World Health Organization (WHO) data estimates that one billion people around the globe have hypertension and, by 2025, the number can rise to 1.5 billion.1,2
What is Alzheimer’s disease?
Alzheimer’s disease (AD) is a condition that affects the cognitive part of the brain and is the most common form of dementia. AD constitutes around 38% of all dementia cases affecting people over 85 years, and it cannot be prevented, slowed or cured. High blood pressure is considered a modifiable risk factor for AD. Other risk factors associated with it are hypercholesterolemia, diabetes mellitus and atherosclerosis. However, there may exists an association between blood pressure-lowering agents and the progression of AD.1,3
Age is also one of the major risk factors for Alzheimer’s, which typically affects people over 65 years of age. One-sixth of the people over 80 develop dementia, of which many have Alzheimer’s. Thus, the development of AD and age are positively correlated. However, the exact cause of AD is still unknown.4
The effect of anti-hypertensive medications on slowing down Alzheimer’s Disease
A study conducted by Zoe Arvanitakis et al. in August 2018 found that raised blood pressure reduces the supply of blood to the brain and increases the level of markers for AD.5
It has been observed that hypertension is associated with memory, attention and processing speed deficits, similar to AD. A study conducted to find the association between hypertension and AD reported that hypertension accelerates the development of AD-like changes in the brain in the regions associated with memory and learning in mice.6
Blood pressure-lowering agents from classes like angiotensin II receptor blockers, beta-blockers, angiotensin-converting–enzyme inhibitors, calcium channel blockers and diuretics were included in the study. The result showed a decrease in AD risk by 16% among those on anti-hypertensive medications in comparison to those who were not on any anti-hypertensive medications.7 No superiority was identified among blood pressure-lowering agents.7
This study concluded that lowering the blood pressure can significantly slow the decline in cognitive function and slow down the progression of AD.7,8
To delay Alzheimer’s, it is not only necessary to take care of your physical health, but also take the appropriate medications on a regular basis.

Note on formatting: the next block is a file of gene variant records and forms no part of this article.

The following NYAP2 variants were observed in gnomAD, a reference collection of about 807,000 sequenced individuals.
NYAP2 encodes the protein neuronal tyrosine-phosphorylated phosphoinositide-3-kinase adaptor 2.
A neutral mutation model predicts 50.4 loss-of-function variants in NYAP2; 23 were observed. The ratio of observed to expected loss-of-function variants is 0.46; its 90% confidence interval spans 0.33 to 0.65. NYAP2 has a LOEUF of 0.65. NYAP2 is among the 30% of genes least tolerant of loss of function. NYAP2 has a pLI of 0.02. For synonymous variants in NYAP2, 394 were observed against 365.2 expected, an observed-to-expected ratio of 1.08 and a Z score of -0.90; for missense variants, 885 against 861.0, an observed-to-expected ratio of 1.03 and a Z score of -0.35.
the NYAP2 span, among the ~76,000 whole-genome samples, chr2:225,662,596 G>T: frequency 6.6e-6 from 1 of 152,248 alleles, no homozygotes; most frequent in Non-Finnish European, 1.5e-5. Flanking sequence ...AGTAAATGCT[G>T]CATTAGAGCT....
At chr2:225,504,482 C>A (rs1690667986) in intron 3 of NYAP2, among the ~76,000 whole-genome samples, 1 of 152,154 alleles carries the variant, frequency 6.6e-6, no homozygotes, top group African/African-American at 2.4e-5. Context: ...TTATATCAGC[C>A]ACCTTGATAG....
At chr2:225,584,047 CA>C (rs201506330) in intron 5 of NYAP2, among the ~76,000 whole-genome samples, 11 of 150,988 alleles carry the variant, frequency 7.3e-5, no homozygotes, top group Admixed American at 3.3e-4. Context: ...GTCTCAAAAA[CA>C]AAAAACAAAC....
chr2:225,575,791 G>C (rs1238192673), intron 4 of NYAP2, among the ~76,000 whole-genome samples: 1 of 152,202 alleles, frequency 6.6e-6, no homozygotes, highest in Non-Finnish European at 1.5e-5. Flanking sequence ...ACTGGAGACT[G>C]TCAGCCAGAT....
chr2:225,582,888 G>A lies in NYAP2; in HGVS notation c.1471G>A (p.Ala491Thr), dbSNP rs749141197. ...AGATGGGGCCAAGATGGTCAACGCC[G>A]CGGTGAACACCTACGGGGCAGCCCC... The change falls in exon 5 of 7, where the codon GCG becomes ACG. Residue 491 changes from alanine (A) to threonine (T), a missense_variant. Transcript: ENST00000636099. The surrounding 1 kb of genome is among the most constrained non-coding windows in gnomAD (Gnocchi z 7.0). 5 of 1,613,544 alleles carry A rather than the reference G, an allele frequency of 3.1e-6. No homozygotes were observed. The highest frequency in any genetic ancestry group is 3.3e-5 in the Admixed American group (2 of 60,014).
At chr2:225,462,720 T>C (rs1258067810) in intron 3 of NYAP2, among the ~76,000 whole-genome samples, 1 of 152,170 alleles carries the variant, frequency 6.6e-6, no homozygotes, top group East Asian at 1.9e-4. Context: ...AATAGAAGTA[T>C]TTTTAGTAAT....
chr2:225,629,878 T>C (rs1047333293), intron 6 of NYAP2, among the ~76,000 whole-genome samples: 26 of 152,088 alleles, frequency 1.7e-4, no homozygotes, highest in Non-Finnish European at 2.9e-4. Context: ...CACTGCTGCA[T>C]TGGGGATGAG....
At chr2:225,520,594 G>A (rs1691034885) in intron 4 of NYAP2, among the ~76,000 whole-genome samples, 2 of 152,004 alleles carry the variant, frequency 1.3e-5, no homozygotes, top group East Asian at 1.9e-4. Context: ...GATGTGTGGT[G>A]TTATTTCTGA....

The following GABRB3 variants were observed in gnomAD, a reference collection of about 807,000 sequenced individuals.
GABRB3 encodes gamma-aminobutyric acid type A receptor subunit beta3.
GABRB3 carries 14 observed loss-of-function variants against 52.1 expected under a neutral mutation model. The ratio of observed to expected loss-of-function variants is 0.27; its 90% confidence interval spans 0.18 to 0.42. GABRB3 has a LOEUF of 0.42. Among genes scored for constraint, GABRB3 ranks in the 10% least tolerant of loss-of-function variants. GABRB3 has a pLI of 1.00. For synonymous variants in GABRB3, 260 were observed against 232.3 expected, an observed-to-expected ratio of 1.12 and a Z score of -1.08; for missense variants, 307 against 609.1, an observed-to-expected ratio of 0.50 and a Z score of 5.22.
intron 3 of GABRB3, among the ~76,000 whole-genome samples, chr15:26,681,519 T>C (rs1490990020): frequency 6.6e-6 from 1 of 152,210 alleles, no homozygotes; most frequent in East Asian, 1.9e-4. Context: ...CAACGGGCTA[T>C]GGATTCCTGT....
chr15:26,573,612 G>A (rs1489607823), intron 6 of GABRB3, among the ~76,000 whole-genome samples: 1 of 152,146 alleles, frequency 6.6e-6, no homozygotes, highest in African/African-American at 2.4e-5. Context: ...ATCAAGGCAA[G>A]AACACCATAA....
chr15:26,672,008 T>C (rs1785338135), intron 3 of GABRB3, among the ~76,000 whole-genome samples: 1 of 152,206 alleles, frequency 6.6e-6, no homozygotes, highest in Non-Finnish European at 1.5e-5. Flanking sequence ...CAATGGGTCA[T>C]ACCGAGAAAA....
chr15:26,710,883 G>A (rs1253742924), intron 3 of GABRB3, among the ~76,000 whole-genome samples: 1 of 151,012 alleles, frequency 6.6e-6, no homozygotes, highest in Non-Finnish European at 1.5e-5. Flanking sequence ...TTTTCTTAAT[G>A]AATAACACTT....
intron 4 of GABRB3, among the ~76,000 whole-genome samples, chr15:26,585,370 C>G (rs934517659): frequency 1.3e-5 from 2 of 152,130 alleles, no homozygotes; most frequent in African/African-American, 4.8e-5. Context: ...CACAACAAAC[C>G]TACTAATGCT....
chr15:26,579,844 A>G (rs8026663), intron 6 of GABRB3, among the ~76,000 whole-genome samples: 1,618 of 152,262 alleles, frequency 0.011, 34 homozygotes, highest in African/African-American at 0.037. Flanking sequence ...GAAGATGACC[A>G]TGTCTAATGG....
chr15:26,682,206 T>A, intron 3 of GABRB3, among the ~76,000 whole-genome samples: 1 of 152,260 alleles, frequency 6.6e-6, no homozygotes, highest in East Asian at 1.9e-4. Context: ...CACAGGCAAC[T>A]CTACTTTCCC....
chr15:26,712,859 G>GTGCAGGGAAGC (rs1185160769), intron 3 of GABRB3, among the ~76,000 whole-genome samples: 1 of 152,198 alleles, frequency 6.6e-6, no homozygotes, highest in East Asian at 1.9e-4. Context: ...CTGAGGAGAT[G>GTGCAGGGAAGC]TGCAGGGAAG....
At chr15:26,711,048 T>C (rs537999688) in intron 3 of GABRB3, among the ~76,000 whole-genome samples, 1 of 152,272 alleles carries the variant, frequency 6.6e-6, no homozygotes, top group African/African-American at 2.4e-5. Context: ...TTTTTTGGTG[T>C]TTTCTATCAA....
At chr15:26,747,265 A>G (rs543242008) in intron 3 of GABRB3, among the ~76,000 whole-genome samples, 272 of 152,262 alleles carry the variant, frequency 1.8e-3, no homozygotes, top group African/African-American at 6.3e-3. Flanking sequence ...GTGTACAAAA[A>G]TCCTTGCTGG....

- Alzheimers.Net [Internet]. [Cited 2019 Dec 17]. Available from: https://www.alzheimers.net/resources/alzheimers-statistics/.
- Chockalingam A. Impact of world hypertension day. Can J Cardiol. 2007;23(7):517-519. Available from: https://www.ncbi.nlm.nih.gov/pmc/articles/PMC2650754/.
- Cifuentes D, Pasteur-Rousseau A, Levy BI, Merkulova-Rainon T, Kubis N (2016). Targeting hypertension to manage Alzheimer’s disease: rational and promise. J Alzheimers Dis Parkinsonism 6:228. doi:10.4172/2161-0460.1000228. Available from: https://www.omicsonline.org/open-access/targeting-hypertension-to-manage-alzheimers-disease-rational-andpromise-2161-0460-1000228.php?aid=72302.
- Who Gets Alzheimers disease? [Internet] [Cited 2019 Dec 17]. Available from: https://www.alzheimers.org.uk/about-dementia/types-dementia/who-gets-alzheimers-disease.
- Arvanitakis Z, Capuano AW, Lamar M, Shah RC, Barnes LL, Bennett DA, et al. Late-life blood pressure association with cerebrovascular and Alzheimer disease pathology. Neurology. 2018 Aug;91(6):e517-e525. DOI: 10.1212/WNL.0000000000005951. Available from: https://n.neurology.org/content/91/6/e517.
- Cifuentes D, Poittevin M, Dere E, Broquères-You D, Bonnin P, Benessiano J, et al. Hypertension Accelerates the Progression of Alzheimer-Like Pathology in a Mouse Model of the Disease. Hypertension. 2015 Jan;65(1):218-24. doi: 10.1161/HYPERTENSIONAHA.114.04139.
- Ding J, Davis-Plourde KL, Sedaghat S, Tully PJ, Wang W, Phillips C et al. Antihypertensive medications and risk for incident dementia and Alzheimer’s disease: a meta-analysis of individual participant data from prospective cohort studies. The Lancet Neurology. 2019;19(1):61-70. Available from https://www.thelancet.com/journals/laneur/article/PIIS1474-4422(19)30393-X/fulltext.
- Blood pressure treatment, incident dementia and Alzheimer disease: a meta-analysis. NEJM Journal Watch. Available from: https://www.jwatch.org/na50379/2019/12/04/blood-pressure-treatment-incident-dementia-and-alzheimer.